order by count(*) desc, utcommunit1_.name

Hibernate View Query (using time_dim_id):
select count(*) as col_0_0_,
  utcommunit1_.name as col_1_0_,
  utcommunit1_.id as col_2_0
from ( Select id, visit_id, community_visit_id, community_id, page_id,
view_datetime, response_time, page_view_type_id, user_id,
time_dim_id
  from ut_page_view_facts_200507
  union all
  Select id, visit_id, community_visit_id, community_id, page_id,
view_datetime, response_time, page_view_type_id, user_id,
time_dim_id
  from ut_page_view_facts_200506
  union all
  Select id, visit_id, community_visit_id, community_id, page_id,
view_datetime, response_time, page_view_type_id, user_id,
time_dim_id
  from ut_page_view_facts_200505
  Union all
  Select id, visit_id, community_visit_id, community_id, page_id,
view_datetime, response_time, page_view_type_id, user_id,
time_dim_id
  from ut_page_view_facts_200504
  union all
  Select id, visit_id, community_visit_id, community_id, page_id,
view_datetime, response_time, page_view_type_id, user_id,
time_dim_id
  from ut_page_view_facts_200503
 ) utpageview0
inner join ut_communities utcommunit1on
utpageview0_.community_id=utcommunit1_.id
inner join ut_time_dim uttimedim2on
utpageview0_.time_dim_id=uttimedim2_.id
where utpageview0_.page_view_type_id=1
and utpageview0_.time_dim_id >= 65709568
and utpageview0_.time_dim_id <= 65711447
group by utcommunit1_.name , utcommunit1_.id
order by count(*) desc, utcommunit1_.name

The query ultimately returns 270 records with “DB View Query (using time_dim_id)” and “Hibernate View Query (using time_dim_id)” clocking in with the fastest response times. The database view approach can allow for the scrolling the window without having to re-instantiate a SessionFactory object.

The following tables, such as the following, can be partitioned:

ut_discussion_post_facts
ut_document_upload_facts
ut_document_view_facts
ut_generic_event_facts
ut_page_view_facts
ut_portlet_use_facts
ut_portlet_view_facts
ut_search_facts
ut_user_login_facts
ut_visits
ut_users

The partition names can be such that the fact/event type, month and year are easily recognizable. The following format can be used:

    • as_fact_<event name>_<YYYY>_<MM>

Naming the tables in this manner will keep the fact partitions grouped together and neatly ordered when using a database management application such as SQL Server Enterprise Manager.

The same justification applies to the view naming convention. The naming format should be as follows:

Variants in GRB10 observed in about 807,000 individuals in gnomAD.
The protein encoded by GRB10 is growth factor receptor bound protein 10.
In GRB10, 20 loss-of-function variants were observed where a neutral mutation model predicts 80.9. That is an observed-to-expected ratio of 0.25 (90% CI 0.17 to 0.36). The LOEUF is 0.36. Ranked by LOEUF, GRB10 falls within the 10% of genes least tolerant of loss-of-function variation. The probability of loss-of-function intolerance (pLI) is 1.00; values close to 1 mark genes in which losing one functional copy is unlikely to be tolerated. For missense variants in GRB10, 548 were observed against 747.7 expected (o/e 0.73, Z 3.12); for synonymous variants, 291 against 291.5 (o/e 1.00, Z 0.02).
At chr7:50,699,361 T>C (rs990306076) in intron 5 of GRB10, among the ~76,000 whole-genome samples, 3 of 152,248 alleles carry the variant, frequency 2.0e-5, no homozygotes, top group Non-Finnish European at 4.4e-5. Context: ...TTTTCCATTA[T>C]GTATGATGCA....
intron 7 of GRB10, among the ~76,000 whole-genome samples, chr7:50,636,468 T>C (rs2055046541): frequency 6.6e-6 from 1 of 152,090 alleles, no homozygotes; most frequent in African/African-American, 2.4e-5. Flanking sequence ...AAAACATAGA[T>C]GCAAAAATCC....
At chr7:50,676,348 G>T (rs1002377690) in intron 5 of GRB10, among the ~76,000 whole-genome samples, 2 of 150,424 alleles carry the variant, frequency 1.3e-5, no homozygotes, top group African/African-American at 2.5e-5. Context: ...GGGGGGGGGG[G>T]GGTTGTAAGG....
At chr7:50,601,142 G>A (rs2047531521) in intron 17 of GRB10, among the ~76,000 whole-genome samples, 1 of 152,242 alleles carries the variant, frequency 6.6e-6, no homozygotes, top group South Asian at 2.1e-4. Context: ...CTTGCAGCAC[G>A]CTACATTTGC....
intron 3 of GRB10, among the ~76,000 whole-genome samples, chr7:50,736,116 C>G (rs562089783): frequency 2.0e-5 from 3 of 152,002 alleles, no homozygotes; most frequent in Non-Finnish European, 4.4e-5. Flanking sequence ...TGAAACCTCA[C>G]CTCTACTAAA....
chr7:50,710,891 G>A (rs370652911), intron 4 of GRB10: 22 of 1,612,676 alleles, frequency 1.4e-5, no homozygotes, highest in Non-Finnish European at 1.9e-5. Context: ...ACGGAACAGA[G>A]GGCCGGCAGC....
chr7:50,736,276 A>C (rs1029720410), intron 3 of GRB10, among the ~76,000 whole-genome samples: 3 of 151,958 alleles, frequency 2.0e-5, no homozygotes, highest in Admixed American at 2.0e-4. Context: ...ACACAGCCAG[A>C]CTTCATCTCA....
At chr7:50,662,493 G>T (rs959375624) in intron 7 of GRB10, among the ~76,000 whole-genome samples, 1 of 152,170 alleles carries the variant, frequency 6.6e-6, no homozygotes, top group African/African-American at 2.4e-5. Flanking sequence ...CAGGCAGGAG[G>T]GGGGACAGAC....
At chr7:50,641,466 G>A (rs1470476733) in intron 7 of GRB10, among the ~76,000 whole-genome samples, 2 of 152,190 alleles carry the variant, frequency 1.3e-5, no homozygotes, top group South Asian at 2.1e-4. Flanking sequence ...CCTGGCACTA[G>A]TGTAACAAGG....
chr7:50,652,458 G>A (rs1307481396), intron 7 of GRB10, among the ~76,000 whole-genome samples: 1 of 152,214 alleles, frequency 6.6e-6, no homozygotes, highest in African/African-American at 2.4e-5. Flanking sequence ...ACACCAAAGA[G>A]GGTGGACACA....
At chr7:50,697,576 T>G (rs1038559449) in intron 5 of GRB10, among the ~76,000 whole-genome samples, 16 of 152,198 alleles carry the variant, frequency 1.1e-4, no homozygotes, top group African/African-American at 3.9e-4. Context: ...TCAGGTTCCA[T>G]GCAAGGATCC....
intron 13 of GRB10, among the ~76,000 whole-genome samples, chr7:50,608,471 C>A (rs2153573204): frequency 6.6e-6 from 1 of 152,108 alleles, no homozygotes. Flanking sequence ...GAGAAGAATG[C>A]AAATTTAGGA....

• as_fact_<event name>_vw

For example, the table partitions and view for the “Page View” event can use the following names:

For Partitions:
as_fact_pageview_2005_01
as_fact_pageview_2005_02
as_fact_pageview_2005_03
as_fact_pageview_2005_04
...
as_fact_pageview_2005_11
as_fact_pageview_2005_12
as_fact_pageview_2006_01
For View:
as_fact_pageview_vw

The reporting process can have a Hibernate mapping to the fact view directly, and can provide read-only access to the facts in the database. By using a database view, a secondary process, whatever process manages the scrolling window, can modify the view at the database level without requiring a SessionFactory re-instantiation, and therefore not requiring a restart of the reporting process. From a reporting standpoint, the view can be the one point of contact for the facts; the partitions are abstracted away from it.

The collecting process can have a mapping to the currently active, writable partition. Since the partitions table for a particular fact/event will look the same schema-wise, we can use a single mapping and change the table name that that mapping points to programmatically to point to the current partition. This can be done before a SessionFactory object is instantiate, and if the table needs to change, due to scrolling, the configuration can be updated, reloaded, and a new instance of the SessionFactory object created. This can result in a collection downtime, and any events sent during this period of time could be potentially lost.

Solutions to this problem can include:

    • 1. Do nothing and chalk up the data loss to our excepted margin of error.
    • 2. Put the collector in a “Buffering” state until the new session is configured, initialized and available, and then flush the buffer.
    • 3. Use a static mapping to a “current” fact partition table in the database, and handle moving from one partition to the other using native SQL.